Complex Made Simple

Saudi women turn their attention to the stock market

2018 continues to be a historic year for Saudi women.

Not only have they been granted the right to drive in the Kingdom, but they are also carving a path for themselves in the Saudi bourse.

New data has surfaced showing record-breaking numbers coming from the Saudi Tadawul Stock Exchange. Is this a new avenue Saudi women are proving themselves in?

Female Saudi investors exceed 1 million

The Saudi Capital Market Authority (CMA) has revealed that the number of women investing in the Saudi stock market reached more than one million by the end of the third quarter of this year, Zawya reported.

According to the CMA data, 1.003 million Saudi women were recorded at the end of the quarter as having portfolios in the Saudi bourse, the largest financial market in the Middle East. This is the highest level recorded in three years, according to the latest Arabic report released by the CMA.

According to the Reuters subsidiary, “The total number of investors in the stock market was 4.72 million by the end of the third quarter of 2018, bringing the total number of all investors whose portfolios contain some investment in the Saudi stock market to 9.75 million by the end of the same quarter, said.”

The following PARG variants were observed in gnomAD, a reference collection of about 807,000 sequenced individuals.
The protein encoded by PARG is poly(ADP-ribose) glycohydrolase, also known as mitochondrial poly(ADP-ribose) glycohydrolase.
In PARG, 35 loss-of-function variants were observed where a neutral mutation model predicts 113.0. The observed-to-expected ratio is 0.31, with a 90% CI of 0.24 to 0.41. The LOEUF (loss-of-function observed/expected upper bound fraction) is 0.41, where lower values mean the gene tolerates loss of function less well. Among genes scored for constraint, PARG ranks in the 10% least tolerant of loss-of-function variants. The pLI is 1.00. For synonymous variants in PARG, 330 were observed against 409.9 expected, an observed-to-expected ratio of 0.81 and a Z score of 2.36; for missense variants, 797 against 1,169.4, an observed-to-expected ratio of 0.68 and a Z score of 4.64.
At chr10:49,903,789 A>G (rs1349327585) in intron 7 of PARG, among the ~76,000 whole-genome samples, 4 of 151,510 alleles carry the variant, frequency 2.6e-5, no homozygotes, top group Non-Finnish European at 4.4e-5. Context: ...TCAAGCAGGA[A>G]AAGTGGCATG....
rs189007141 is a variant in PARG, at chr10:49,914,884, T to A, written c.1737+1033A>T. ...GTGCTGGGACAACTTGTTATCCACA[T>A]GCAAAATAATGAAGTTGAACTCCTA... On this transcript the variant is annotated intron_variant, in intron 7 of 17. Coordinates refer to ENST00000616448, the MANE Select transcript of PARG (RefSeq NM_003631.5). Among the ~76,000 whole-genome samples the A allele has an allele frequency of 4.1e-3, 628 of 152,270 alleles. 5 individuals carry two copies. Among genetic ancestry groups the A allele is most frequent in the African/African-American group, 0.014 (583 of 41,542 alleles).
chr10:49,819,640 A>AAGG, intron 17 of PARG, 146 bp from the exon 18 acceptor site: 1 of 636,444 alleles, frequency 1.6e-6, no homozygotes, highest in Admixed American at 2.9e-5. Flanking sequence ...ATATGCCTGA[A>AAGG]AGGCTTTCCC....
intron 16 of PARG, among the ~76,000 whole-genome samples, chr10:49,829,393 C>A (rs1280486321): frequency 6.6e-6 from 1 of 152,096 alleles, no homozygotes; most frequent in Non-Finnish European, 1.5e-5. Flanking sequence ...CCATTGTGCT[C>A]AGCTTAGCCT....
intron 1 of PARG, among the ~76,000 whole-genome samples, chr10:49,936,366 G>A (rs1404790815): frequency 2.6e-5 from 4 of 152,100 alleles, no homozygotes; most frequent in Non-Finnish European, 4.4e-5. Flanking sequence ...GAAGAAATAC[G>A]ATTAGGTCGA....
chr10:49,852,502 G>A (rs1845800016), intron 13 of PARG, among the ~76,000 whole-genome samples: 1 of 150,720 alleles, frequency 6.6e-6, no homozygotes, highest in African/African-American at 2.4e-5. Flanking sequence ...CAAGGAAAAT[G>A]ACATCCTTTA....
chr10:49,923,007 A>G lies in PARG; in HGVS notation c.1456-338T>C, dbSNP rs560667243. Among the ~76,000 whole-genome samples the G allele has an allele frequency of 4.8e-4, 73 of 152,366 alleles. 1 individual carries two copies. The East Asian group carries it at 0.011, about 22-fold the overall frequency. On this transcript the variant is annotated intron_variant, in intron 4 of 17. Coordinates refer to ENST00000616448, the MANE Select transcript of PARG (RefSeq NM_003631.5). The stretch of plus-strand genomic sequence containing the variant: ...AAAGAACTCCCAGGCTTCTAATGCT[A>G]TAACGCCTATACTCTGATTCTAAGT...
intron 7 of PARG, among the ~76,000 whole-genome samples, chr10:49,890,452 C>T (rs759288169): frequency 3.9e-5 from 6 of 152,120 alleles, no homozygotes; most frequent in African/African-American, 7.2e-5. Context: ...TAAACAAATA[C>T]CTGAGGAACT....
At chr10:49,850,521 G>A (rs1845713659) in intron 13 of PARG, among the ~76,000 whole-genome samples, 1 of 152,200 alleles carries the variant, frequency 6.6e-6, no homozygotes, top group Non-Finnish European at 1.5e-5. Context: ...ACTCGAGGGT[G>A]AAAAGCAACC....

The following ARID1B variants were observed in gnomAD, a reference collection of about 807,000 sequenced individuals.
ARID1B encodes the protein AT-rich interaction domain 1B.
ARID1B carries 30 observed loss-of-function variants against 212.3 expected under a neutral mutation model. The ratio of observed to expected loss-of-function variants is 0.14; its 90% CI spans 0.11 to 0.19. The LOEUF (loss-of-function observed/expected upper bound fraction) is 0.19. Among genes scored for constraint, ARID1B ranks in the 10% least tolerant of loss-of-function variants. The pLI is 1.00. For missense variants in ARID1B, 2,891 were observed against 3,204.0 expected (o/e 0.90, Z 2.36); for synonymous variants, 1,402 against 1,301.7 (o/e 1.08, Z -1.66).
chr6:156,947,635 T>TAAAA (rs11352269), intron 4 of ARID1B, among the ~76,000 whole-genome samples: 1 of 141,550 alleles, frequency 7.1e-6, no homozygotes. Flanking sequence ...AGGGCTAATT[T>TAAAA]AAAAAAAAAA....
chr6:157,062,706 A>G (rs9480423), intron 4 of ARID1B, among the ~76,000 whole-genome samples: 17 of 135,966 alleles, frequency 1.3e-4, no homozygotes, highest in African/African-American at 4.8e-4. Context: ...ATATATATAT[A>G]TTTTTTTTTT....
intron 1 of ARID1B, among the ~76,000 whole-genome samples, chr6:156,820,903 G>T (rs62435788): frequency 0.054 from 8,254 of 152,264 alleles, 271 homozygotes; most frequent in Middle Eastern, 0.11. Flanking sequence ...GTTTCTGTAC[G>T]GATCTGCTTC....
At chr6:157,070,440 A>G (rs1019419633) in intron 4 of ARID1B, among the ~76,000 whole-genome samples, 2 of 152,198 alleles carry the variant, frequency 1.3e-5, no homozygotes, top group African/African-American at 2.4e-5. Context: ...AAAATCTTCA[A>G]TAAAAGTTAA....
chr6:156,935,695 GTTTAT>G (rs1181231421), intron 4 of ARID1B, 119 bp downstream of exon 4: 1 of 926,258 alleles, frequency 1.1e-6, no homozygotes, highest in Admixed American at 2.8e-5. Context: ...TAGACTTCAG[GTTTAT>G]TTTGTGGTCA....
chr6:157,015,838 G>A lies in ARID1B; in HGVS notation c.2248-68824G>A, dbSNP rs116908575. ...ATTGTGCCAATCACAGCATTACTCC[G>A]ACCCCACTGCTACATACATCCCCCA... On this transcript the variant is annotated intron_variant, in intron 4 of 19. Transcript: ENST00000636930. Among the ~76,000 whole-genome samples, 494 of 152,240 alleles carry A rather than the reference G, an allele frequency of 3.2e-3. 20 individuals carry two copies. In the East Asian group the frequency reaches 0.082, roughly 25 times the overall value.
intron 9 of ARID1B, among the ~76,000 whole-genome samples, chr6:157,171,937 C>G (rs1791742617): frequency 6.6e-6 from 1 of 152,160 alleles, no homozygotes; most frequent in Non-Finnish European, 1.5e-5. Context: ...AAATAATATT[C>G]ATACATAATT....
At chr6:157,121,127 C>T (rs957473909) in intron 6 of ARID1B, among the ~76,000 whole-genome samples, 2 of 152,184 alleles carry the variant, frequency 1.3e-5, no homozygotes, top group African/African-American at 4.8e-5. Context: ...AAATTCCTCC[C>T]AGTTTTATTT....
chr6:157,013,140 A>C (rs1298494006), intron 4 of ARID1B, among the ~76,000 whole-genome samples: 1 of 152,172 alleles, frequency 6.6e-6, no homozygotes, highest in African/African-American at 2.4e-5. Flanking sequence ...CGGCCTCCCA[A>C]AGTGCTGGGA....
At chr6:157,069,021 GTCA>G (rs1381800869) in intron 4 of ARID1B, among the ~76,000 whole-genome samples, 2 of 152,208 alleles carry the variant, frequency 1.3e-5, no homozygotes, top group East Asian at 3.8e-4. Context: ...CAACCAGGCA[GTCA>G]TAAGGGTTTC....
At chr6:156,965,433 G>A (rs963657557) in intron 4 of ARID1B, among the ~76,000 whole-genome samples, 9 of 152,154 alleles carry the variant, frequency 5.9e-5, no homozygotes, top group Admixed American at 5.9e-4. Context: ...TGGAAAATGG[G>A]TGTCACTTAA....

READ: Could Saudi women getting their driving licences be a bad thing?

The report revealed that the number of women investing in the stock market rose by 17,860 at the end of third quarter of 2018, up from 985,500 from the end of the same quarter of 2017. The figures showed that 13,400 female investors had been added since the end of the second quarter this year, when the number stood at 989,900.

Last year, the Saudi stock market appointed its first female chairperson, Sarah Al-Suhaimi, who became the first woman to chair a major government financial institution in Saudi Arabia, Zawya explained.

The plan for Saudi women to play a larger role in the on goings of their country is part of Crown Prince Mohammad bin Salman’s brainchild, Saudi Vision 2030, which has seen major reforms sweep the Kingdom in an effort to diversify its economy away from oil.

READ: The UAE drives $35bn Internet of Things market in 2019